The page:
Each country's government will take equal-sized stakes in Fortis' banking operations in that particular country: Belgium will acquire a 49% stake in Fortis's Belgian banking units for 4.7 billion euros (or $US6.8 billion), and the Netherlands will buy a similar-sized stake in Fortis's Dutch banking operations for 4 billion euros ($US5.8 billion).
Smaller Luxembourg is extending a loan of 2.5 billion euros ($US3.6 billion) that can be converted into a 49% interest in Fortis' banking business in that tiny country.
And, under the terms of the bailout, Fortis will have to sell off the pieces of ABN Amro it acquired last year in a joint bid with RBS of the UK and Santander of Spain.
That triumvirate was the antithesis of the move by the three governments to save Fortis, which would have never found itself in this position, had it withdrawn from the ABN adventure when the credit crunch started.
Similarly, RBS has been forced to sell assets, raise new capital and cut costs because of a combination of subprime losses and the cost of funding its share of the ABN bid, which remains unfinished.
RBS has raised over $US30 billion and it now seems that a buyer for Fortis share of the ABN assets will have to be found.
RBS has no resources and Santander has just helped rescue the depositors in mortgage banker Bradford and Bingley after buying Alliance and Leicester a few months ago, also in the UK. It is also coping with a property crunch in its home market of Spain.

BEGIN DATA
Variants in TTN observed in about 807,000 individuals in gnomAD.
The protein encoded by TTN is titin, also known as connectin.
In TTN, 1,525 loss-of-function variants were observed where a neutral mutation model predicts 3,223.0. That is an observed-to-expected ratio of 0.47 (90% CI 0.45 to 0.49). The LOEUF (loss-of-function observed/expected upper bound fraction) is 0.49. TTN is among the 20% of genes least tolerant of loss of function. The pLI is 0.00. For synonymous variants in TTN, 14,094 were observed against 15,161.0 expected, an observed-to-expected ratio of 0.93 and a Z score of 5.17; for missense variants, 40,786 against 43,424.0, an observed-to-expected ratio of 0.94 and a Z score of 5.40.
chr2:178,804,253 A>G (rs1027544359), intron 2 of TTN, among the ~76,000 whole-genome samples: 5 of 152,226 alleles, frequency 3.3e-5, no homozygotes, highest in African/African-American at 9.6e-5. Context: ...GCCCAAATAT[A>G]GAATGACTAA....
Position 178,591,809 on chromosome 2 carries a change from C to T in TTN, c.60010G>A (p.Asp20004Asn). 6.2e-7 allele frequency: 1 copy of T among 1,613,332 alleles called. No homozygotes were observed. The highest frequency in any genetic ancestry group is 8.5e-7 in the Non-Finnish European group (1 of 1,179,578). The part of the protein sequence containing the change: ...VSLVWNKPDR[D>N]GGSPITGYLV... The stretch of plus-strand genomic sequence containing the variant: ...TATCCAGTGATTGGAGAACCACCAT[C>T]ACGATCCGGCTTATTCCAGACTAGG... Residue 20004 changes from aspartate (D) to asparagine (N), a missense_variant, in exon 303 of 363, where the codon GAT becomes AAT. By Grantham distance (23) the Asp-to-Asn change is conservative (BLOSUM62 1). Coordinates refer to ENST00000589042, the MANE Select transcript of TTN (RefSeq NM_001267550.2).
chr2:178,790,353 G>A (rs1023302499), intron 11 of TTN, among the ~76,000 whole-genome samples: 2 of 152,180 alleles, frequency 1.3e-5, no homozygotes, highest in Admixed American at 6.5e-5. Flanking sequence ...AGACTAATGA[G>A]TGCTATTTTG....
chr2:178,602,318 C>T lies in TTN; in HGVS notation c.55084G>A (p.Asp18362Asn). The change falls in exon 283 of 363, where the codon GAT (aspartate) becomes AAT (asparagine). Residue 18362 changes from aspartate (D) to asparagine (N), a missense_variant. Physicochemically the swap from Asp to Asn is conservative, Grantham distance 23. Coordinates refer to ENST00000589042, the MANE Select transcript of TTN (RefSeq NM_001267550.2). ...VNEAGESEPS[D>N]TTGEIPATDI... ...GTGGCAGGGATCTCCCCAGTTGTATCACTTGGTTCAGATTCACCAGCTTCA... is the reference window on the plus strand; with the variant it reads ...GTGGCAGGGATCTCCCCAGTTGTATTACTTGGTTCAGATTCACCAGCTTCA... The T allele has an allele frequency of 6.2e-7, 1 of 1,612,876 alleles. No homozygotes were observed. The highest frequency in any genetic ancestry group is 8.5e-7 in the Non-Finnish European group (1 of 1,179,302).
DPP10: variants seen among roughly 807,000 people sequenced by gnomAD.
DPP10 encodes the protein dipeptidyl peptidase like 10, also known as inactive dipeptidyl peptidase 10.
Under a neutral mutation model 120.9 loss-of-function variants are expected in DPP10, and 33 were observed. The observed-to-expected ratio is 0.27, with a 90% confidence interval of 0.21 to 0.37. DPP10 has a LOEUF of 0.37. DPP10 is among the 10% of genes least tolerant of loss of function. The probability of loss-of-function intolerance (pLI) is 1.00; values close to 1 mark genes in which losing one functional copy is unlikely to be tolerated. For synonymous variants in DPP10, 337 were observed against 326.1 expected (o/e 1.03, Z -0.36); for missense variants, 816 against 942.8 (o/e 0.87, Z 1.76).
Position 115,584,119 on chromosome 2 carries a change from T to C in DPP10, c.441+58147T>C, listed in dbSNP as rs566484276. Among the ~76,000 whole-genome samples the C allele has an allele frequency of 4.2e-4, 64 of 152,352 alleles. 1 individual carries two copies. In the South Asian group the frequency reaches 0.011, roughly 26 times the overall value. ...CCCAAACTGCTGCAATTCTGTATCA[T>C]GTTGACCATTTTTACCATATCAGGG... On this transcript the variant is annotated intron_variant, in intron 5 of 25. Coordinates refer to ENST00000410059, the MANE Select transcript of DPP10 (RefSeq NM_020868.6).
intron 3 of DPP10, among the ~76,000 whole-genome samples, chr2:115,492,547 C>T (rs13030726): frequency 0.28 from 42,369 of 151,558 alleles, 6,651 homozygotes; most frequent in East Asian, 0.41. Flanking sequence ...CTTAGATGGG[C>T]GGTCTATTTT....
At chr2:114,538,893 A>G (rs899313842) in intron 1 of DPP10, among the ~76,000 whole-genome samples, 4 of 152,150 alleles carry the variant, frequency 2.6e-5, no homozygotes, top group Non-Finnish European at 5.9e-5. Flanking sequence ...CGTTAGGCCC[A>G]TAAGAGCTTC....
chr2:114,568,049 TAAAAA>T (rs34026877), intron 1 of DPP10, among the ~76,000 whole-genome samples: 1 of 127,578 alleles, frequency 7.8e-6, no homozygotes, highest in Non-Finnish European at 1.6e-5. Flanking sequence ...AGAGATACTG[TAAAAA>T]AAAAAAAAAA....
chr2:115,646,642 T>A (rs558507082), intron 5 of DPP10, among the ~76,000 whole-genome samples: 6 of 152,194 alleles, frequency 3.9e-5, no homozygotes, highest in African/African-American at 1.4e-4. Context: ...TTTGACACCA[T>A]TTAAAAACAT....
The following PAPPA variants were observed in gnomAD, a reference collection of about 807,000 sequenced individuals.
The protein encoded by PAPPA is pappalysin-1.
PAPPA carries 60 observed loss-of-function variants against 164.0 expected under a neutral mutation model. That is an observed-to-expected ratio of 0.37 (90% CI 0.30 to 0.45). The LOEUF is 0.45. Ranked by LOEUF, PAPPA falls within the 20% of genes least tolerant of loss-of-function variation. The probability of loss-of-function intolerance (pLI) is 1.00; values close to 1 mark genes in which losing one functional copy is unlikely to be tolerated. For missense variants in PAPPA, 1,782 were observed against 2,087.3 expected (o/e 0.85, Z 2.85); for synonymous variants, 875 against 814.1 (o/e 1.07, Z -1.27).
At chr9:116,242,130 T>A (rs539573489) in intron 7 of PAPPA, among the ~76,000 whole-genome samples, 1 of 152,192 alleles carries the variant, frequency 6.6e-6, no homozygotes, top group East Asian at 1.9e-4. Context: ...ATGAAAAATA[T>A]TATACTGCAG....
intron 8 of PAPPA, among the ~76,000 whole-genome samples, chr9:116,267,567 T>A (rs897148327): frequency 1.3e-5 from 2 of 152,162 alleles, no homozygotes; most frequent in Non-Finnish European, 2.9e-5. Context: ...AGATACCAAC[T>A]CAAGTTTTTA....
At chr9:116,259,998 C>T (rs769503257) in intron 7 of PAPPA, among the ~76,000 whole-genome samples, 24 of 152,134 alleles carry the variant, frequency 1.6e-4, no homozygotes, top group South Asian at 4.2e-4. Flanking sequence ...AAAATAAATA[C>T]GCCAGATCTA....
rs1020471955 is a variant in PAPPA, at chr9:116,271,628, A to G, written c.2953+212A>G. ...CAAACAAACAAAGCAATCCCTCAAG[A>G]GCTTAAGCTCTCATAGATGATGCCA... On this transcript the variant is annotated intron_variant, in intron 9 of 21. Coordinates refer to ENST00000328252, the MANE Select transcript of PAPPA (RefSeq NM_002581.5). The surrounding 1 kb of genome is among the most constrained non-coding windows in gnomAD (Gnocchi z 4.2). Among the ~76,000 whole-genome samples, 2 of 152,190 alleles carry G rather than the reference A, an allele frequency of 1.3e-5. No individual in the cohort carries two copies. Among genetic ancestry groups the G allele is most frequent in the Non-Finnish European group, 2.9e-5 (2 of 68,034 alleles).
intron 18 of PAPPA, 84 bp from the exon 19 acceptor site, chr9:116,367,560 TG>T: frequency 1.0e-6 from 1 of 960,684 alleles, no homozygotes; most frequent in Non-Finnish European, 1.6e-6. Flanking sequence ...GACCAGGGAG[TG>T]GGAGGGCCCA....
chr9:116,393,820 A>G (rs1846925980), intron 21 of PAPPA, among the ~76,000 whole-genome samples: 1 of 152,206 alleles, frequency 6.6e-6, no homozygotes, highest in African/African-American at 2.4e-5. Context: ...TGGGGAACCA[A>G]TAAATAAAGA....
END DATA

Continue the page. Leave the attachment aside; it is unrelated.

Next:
So Fortis might not be out of the woods yet, unless one of the governments wants to buy the ABN assets (highly unlikely).
Fortis is the largest European company so far to be dragged down by the credit crunch.
The bailout will hurt Fortis' largest shareholder, China's Ping An Insurance which owns a 5% stake. The Chinese group helped Fortis earlier in the year by buying 50% of Fortis funds management business.
Ping An will be diluted and it says that it will now end plans for that billion-dollar acquisition of a part of Fortis' asset management business. Ping An paid $US2.7 billion for 4.2% of Fortis in 2007 and upped its interest to 5% in March.
Ping An shares are down 18% since last Thursday when news of Fortis' problems erupted without much in the way of warning in Europe the night before. They were down 9% in Hong Kong yesterday.
Fortis posted a 49% second-quarter profit decline due to credit-related write-downs, which cut earnings by 918 million euros ($US1.3 billion) in the first half.
Fortis had suspended its half-year dividend and had planned to sell shares to recapitalise. But that wasn't enough.
In the UK, Santander is now busy sorting out what it now owns from the dismemberment of Bradford and Bingley, which was once the 8th largest mortgage bank in the UK.
Santander will take over the $A44 billion in deposits business and branch network of B & B.
It paid $US1.1 billion for the assets and 197 branches.
B&B's $A110 billion in mortgages and loans were nationalised.
Santander already owns Abbey, and recently bought Alliance & Leicester.
The mortgages and loans will be put with those from the nationalised Northern Rock. That will mean the US Government will own well over $A330 billion in unwanted mortgages and loans from the two failed former building societies.